Flying the Red, Green and Black


The raising of the Pan-African Flag in Antigonish

On February 1, in honour of the commencement of African History Month, the town of Antigonish raised the pan-African flag for the first time ever. The Pan-African Flag, also known as the UNIA Flag, the Afro-American Flag and the Black Liberation Flag, was first adopted by the Universal Negro Improvement Association and African Communities League (UNIA) in 1920 and consists of three equal horizontal bands coloured red, black and green.

According to the UNIA the red of the flag represents the blood that unites all people of black-African ancestry, and the blood that was shed for liberation; the black represents the blackness of the people, whose existence as a nation, though not a nation-state, is affirmed by the existence of the flag; and the green represents the abundant natural wealth of the African continent.

The flag became a symbol of African nationalism for the worldwide liberation of people of African Origin and was later popularized during the black liberation movement of the 1960s. It is often flown in celebration of black-African history and culture. Having the flag flown in Antigonish, and other towns throughout Nova Scotia symbolizes a movement towards the furthered recognition and celebration of African Nova Scotian people and history, a history that has extremely strong roots in this part of the country.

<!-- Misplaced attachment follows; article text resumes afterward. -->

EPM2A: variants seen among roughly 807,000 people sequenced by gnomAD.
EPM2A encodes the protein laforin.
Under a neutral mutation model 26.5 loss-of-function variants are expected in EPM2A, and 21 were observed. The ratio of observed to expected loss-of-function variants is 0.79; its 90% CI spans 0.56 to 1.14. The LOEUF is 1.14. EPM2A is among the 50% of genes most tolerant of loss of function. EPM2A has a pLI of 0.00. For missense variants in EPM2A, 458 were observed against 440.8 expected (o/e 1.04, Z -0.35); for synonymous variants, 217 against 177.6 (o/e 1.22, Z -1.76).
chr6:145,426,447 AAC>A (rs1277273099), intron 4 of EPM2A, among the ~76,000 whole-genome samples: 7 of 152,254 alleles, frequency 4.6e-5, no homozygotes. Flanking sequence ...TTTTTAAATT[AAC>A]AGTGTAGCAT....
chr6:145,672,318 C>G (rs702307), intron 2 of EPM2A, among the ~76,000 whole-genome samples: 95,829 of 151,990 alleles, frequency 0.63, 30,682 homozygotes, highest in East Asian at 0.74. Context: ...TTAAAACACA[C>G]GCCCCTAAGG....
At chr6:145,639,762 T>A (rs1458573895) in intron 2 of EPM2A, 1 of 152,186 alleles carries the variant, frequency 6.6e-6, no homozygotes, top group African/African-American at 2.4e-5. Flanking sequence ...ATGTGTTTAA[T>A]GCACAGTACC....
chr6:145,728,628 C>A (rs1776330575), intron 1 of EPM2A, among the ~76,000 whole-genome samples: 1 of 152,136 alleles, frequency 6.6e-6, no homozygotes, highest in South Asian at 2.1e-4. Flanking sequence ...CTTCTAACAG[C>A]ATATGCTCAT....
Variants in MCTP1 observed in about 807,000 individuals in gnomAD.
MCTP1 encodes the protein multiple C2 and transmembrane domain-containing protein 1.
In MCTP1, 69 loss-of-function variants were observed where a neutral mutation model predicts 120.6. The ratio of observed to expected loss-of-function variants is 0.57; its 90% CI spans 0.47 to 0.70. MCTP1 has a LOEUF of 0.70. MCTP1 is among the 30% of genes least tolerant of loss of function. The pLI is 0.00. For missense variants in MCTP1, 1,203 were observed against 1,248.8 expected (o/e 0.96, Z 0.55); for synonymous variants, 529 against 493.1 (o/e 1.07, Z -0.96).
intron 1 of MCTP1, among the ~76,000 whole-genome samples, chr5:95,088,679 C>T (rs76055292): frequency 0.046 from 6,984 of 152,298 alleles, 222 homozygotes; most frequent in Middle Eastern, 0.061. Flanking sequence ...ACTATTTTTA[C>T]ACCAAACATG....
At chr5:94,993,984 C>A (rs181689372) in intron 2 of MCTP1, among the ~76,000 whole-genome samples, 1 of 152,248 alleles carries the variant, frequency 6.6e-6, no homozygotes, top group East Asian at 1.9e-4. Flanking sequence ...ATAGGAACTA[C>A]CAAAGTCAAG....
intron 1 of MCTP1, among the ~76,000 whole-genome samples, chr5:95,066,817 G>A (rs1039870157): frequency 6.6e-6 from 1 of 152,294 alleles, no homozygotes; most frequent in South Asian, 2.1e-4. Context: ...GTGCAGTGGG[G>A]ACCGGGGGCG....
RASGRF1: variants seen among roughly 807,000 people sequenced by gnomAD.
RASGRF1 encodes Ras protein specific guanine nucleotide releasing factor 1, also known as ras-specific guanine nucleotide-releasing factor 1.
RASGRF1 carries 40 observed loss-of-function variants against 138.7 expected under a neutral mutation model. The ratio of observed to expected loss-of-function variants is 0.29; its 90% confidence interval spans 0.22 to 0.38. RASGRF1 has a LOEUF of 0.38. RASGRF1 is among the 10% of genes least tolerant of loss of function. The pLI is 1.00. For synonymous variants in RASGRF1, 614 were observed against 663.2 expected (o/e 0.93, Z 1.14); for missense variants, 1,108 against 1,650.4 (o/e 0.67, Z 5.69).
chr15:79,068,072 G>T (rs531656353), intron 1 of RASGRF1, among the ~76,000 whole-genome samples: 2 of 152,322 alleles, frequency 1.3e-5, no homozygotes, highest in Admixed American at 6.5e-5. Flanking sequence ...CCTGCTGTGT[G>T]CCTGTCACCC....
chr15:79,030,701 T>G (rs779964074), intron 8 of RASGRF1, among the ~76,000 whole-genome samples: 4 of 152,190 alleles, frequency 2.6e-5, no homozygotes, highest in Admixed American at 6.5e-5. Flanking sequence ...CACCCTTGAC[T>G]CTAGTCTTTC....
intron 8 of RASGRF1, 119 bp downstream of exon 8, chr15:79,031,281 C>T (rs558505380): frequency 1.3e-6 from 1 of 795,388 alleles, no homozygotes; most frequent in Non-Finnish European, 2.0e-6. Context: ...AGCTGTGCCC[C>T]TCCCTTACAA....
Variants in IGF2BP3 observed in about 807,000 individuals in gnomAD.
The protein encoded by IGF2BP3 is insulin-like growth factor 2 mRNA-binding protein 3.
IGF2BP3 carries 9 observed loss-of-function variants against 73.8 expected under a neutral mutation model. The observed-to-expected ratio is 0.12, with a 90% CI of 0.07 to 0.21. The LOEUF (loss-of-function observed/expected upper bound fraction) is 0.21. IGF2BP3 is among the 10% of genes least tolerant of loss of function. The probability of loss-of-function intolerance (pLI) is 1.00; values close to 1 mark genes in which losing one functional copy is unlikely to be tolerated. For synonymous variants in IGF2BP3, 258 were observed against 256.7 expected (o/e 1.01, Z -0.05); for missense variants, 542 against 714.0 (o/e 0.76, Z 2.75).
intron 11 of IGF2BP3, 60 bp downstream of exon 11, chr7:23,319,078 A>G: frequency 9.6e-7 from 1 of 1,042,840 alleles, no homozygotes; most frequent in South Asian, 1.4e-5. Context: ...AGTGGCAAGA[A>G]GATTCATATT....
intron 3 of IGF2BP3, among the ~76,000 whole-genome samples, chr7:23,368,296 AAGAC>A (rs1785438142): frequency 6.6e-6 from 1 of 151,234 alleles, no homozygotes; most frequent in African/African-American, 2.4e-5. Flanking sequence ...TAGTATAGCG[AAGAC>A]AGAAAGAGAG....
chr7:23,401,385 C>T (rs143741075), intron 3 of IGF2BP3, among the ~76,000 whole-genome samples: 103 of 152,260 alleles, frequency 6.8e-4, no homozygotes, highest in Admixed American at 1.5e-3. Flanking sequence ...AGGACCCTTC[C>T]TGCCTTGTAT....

Lorraine Reddick who has been a student support worker at the Regional High school for over a decade, spoke about African History Month on Social Justice Radio a few weeks ago. Reddick, a Nova Scotian woman of African descent, who also works as the co-chair of the Zone 7 committee, that works to organize the events of AHM in the area, says that they presented to the town about a month ago, and asked if they would be able to fly the flag in front of the town hall for the month of February.

The notion was soon approved, and the flag was raised earlier this week. When asked what the flag means to the community, Reddick said: “having the flag flying during African History Month promotes our values as African Nova Scotian people. It recognizes our struggle and what our ancestors have gone through, slavery, racism, colonialism…and I believe it gives us a sense of achievement and strength for our people.”

Reddick continued by stating, “It also promotes and recognizes solidarity, hope and unity for our people, within the community and across the province. For us, as African people it truly is a sense of pride, it’s a recognition of our cultures and it speaks to who we are. It also reinforces the identity of the town-that we are indeed a part of this community. I am so happy and proud.”

The flag is currently flying outside of the town hall located on main street and is set to fly for the month of February as we continue to celebrate African heritage, history and culture. Reddick, who has had much meaningful contact with young people over the course of her career, tells us that theme of African History Month this year is education, and highlights that incorporating better education on African History and culture into our school curriculums is extremely important.

She points out the importance of representation, and how students are thought to succeed and flourish when they understand where they came from and see people like themselves represented among teaching staff and within their textbooks and classrooms. As we know, flags are very symbolic and having the pan-African flag flying in Antigonish is a step towards further recognizing and fostering the place of African heritage in our town, province and country.